What Getting Kicked Out of School Taught Me About Brand Management
4 Minute Read
Not the post I think any of my closest peers thought they would ever see me write. But I have to admit that while my name is extremely similar to Beyoncé, I’m actually not perfect. Once upon a time, I got kicked out of school due to my lack of focus and a lot of poor decision-making along the way. When you’re in the midst of a lot of hysteria, it’s difficult to figure out what are the next best steps when you have yet to identify a clear vision for yourself. So in these heavy and often embarrassing moments, what exactly do you do? Here’s a few notes on what I’ve done to bounce back into a better space.
1. Create a vision for yourself.
All of these elements are a part of a brand strategy, right? My biggest challenge as a 21-year old knuckle head was trying to figure out where I saw myself in the future. What are my long-term goals? I knew that I wanted to be successful – who doesn’t. But what does that look like? I knew I wanted to be a thought leader in media and communications. I knew I wanted to build a really cool media company at some point. I also knew I wanted my parents to be proud of me. So I made it my mission to get back into school to fulfill the vision.
2. Define yourself before someone else does.
It’s extremely dangerous to allow other people to define you. That’s the quickest way to set yourself up for failure if you don’t have a strong understanding as to who you are. That goes for companies as well. It’s a positioning issue. It’s your job to make it clear as to what your company or personal brand is all about. If you mess up, apologize and own up to that. Because you will make mistakes along the way. From there, audiences will decide if it’s right for them or not. The internet can get be extremely petty in nature so it’s your job to control your narrative.
3. Your story isn’t boring.
I struggled with this even in launching my website just to say “hey, I’m here.” But that lack of confidence in wanting to share or even believing that someone may connect with you impact your visibility. If you copy someone else’s narrative and try to finesse it as your own, not only it is boring, but it’s overall whack. Your job isn’t to create a story that resonates with everyone. Your job is to share your story with your target audience and those are the ones that matter.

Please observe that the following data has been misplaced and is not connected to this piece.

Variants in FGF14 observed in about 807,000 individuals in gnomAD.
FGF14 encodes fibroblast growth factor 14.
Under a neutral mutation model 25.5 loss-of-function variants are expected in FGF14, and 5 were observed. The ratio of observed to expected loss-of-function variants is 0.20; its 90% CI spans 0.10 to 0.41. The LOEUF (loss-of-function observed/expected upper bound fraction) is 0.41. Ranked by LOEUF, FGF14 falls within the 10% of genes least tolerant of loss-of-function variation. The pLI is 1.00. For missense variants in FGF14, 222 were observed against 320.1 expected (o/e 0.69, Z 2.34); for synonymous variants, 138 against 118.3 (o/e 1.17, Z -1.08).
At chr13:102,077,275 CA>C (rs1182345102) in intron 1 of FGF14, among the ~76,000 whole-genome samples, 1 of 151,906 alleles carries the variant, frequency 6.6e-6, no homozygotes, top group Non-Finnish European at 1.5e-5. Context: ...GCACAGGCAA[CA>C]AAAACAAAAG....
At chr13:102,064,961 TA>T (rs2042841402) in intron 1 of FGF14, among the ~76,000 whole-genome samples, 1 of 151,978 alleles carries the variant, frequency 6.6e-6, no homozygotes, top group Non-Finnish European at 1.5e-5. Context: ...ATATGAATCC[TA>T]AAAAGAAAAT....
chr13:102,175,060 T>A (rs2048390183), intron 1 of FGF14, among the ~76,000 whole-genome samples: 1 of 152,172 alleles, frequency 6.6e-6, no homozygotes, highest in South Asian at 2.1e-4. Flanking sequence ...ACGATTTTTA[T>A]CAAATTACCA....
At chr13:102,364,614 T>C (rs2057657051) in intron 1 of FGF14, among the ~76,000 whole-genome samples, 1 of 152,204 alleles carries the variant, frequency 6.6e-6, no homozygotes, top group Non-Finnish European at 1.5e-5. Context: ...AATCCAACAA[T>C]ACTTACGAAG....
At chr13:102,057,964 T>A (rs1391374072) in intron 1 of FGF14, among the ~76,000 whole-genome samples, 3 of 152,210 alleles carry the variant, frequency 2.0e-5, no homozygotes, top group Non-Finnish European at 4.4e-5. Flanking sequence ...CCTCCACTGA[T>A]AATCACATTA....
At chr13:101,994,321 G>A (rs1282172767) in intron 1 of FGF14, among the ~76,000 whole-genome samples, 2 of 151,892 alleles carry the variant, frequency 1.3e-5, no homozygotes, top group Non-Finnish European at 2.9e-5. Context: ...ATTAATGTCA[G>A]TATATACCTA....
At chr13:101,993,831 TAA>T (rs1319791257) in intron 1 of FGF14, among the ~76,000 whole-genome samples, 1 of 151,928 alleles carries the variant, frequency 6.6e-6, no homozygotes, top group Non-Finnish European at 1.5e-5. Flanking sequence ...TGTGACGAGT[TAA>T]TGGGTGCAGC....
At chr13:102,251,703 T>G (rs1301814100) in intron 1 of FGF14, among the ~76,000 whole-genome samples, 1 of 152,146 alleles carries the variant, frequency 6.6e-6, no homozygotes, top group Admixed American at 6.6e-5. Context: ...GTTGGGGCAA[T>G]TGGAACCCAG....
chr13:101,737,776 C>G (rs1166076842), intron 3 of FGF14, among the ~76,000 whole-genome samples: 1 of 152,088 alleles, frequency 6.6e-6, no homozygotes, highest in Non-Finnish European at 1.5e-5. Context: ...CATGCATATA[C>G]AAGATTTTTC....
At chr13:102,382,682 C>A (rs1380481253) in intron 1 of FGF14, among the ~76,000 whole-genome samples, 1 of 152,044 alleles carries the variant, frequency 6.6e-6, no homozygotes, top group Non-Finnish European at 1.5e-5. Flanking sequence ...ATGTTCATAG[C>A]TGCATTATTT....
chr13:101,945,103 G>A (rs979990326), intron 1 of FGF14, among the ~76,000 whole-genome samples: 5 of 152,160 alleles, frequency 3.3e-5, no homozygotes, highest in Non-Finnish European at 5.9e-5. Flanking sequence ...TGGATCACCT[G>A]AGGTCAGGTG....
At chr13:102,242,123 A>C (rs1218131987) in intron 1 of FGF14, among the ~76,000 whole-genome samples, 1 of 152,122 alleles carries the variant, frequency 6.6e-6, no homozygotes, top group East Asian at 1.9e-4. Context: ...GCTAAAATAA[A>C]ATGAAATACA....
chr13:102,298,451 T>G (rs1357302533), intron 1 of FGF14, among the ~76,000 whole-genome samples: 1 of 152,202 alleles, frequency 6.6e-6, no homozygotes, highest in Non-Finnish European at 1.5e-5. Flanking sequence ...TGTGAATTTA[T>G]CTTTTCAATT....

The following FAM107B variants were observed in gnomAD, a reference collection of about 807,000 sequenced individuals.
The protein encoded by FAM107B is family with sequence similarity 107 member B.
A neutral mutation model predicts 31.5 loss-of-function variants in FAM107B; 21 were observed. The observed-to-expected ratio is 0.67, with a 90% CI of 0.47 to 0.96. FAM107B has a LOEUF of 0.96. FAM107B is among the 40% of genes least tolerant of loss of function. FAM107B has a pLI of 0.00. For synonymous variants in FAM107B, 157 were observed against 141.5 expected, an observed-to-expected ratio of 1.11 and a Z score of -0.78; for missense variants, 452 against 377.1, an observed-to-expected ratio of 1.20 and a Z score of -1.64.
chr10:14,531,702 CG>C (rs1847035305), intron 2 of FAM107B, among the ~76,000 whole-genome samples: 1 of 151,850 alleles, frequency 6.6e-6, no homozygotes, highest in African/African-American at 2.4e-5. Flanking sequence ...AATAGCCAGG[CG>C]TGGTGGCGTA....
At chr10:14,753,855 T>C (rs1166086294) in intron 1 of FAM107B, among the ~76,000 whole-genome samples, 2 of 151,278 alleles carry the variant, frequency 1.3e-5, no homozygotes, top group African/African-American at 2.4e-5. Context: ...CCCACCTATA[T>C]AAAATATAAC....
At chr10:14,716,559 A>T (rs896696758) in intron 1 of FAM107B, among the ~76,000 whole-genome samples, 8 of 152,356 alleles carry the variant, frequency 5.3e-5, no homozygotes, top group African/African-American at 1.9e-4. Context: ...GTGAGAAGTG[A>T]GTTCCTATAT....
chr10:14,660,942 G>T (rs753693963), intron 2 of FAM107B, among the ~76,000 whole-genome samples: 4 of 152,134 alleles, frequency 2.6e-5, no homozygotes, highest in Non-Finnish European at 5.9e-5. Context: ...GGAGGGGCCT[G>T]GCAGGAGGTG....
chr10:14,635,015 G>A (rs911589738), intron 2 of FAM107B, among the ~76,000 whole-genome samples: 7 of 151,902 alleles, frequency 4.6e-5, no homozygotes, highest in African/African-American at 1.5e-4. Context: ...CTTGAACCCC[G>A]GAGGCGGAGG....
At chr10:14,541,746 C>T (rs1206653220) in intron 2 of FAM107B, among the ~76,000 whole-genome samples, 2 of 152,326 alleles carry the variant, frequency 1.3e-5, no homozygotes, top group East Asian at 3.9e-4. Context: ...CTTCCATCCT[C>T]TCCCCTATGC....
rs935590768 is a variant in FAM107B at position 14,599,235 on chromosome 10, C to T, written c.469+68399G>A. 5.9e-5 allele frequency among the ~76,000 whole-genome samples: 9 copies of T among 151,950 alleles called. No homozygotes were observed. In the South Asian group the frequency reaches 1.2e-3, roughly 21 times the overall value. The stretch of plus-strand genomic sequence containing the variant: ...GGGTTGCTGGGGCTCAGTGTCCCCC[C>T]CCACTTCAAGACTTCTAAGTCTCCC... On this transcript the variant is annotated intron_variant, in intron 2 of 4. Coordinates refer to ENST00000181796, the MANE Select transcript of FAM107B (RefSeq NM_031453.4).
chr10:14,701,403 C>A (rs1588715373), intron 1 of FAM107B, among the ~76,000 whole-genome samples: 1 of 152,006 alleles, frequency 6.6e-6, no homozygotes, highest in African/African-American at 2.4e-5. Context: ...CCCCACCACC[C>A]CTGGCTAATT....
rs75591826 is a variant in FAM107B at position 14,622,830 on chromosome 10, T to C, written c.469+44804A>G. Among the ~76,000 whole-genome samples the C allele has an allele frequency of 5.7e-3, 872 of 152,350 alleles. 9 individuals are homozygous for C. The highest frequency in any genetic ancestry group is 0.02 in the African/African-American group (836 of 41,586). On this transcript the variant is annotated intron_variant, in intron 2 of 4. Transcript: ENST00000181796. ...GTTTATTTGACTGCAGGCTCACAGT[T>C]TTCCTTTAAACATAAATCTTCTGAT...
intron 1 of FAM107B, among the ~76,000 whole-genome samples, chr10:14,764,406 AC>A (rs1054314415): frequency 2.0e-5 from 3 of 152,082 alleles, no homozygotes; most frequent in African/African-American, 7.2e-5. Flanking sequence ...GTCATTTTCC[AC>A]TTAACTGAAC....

4. Small Wins Build a Strong Foundation
So the interesting part about getting back into school was the small wins that gave me the confidence that it would actually happen. This laid a foundation for building myself back up from a screw up. My game plan aligned with my vision. So, I focused on doing things that made sense to my mission. Beyond other people believing in me, I needed to believe myself. Kind of like, alchemy. From getting a meeting with the head honcho who could make that call, to showing case studies about what I’ve accomplished prior to me getting there, to showing even showing next steps with clear KPI’s to measure my success, these small wins executed my game plan to walk across that stage.
BrandChannel defines a brand as "a living business asset, designed to enhance the connection between a business and a customer or consumer." So what does that actually mean for a person? That's essentially your reputation. How people view and connect with you is important in building long-lasting relationships and even creating opportunities for yourself. '
Focus on being your authentic self. Allow yourself to make the mistakes and let your character guide you to your vision.